Another example of why it's not easy being a bike commuter - making legal left turns isn't easy when you're the smallest thing on the road. Kudos to this guy for taking his legal place. Maybe if more riders did this, cars and trucks would start looking for them on the road, instead of not paying attention to them. However, I do understand the reluctance on the part of bikers to take the risk - it's way too easy to lose out to a much larger vehicle that just didn't see you.
Waiting for the traffic lights to change at Queen and John. In the background, you can see St. Patrick's Market, where extensive renovations are underway, now that all the tenants have vacated.
Many commuters in Toronto never travel any way but by car, according to a recent Spacing Magazine survey. There are bike lanes on Dundas, out where I live, and every morning, I see a parade of people using them to get to work by bicycle, skateboard and scooter. We need more bike lanes in Toronto.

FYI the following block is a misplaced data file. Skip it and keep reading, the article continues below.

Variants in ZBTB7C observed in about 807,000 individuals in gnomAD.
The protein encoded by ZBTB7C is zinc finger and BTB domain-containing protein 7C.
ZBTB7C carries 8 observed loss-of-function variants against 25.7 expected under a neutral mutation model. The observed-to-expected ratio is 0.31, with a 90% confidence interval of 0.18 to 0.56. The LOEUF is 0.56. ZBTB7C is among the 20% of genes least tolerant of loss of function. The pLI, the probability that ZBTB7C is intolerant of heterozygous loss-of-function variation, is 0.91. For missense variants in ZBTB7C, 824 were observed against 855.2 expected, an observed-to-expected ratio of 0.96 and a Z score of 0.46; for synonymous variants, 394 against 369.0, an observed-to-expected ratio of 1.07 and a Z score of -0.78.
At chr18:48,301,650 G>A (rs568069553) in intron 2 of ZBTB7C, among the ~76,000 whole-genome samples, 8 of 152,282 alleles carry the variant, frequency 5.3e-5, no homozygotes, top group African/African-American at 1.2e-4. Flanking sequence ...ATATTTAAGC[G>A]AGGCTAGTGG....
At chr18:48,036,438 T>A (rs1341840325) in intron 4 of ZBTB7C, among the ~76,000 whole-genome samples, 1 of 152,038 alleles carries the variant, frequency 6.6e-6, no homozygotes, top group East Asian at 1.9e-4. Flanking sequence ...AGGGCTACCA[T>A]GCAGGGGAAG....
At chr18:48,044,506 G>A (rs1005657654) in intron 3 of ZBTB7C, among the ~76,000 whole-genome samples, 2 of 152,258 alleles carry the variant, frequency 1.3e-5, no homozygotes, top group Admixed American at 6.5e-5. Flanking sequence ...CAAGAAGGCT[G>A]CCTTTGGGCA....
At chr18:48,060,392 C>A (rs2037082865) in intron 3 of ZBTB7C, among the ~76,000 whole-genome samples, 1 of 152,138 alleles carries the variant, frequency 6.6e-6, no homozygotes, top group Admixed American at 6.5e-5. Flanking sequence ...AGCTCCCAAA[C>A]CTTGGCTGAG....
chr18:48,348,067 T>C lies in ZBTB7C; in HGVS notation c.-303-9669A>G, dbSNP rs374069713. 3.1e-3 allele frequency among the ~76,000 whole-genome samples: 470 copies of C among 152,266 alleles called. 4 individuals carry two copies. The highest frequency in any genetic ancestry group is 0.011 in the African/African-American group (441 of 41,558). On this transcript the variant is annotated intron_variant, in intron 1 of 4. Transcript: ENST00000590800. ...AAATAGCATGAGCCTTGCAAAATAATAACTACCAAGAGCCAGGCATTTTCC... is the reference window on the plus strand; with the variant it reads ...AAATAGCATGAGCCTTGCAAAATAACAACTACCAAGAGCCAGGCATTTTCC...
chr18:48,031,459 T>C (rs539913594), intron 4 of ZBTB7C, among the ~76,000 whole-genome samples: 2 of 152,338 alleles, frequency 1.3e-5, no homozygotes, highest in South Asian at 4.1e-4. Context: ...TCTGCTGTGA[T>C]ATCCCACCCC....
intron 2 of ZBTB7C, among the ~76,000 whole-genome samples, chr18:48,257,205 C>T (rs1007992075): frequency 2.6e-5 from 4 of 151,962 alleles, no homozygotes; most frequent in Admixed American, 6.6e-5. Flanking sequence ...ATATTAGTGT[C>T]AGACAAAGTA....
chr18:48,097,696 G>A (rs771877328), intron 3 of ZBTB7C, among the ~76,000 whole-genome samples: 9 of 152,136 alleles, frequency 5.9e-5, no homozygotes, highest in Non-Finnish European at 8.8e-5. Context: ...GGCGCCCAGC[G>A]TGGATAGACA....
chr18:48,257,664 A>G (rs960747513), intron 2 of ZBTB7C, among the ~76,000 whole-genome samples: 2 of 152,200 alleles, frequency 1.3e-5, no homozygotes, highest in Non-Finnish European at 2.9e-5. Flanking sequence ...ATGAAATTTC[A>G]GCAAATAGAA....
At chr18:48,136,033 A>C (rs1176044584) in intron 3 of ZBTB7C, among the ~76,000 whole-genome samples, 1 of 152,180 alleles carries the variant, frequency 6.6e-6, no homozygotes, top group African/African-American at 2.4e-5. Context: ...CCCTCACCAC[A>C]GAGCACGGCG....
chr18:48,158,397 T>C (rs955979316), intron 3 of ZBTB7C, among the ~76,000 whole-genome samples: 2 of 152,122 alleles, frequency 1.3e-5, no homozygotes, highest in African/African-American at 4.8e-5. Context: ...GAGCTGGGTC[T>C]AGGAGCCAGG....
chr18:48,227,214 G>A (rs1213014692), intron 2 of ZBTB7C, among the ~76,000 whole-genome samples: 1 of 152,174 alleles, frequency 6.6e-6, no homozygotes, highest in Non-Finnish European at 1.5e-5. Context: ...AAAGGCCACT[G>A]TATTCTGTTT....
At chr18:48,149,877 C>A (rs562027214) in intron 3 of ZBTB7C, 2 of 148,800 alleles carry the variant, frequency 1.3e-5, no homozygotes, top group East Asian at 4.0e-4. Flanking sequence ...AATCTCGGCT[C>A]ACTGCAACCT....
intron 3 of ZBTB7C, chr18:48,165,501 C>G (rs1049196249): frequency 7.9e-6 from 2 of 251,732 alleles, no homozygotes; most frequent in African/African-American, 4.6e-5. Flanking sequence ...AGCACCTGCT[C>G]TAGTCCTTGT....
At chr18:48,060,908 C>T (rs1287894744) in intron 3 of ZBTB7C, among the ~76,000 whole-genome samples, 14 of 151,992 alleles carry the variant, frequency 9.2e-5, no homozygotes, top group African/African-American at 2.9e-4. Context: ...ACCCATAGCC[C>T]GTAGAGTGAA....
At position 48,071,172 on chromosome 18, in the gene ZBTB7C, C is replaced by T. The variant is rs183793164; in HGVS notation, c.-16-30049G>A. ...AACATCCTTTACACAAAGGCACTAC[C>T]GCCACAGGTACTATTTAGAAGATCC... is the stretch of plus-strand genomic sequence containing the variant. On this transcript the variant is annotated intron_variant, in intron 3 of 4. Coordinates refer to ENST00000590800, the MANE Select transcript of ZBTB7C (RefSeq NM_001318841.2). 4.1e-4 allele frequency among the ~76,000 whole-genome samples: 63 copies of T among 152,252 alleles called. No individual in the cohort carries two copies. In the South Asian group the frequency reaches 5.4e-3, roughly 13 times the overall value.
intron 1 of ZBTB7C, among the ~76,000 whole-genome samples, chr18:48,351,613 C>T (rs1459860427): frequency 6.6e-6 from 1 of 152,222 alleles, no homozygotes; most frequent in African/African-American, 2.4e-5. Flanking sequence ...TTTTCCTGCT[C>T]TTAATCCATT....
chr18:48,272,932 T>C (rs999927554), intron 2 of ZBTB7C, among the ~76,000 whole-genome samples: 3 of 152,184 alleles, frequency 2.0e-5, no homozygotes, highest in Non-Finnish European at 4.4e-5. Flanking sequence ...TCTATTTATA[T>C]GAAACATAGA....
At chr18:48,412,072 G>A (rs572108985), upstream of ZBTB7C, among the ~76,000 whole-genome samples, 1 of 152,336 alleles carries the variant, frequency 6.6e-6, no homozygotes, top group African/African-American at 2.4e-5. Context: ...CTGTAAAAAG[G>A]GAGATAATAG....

I don't know that I'd be comfortable, riding to work on a motorcycle. It's not that I think that they're unsafe - I just think that motorists tend not to see them as well as they see cars.
There's lots more sunshine in the city these days, and I keep seeing interesing ways to capture the light. This shot was supposed to be of the bike rider, but somehow, it became about light and shadow.
Crossing Queen Street in the sunshine. I wonder why he didn't ride - maybe he didn't want to spill his Starbucks.
Another shot of Queen Street at sunset.
From Queen and John - straight out of camera.
Morning rush hour on Simcoe Street. I think that's steam, not smoke, coming out of the smokestack in the background. A large proportion of the downtown buildings are actually heated by steam, according to the information found here.
Early evening at Queen and Bay - now (seemingly) the slowest part of the 501-E streetcar route. Every time I get on the streetcar these days, it seems to take forever to go from here past Yonge Street.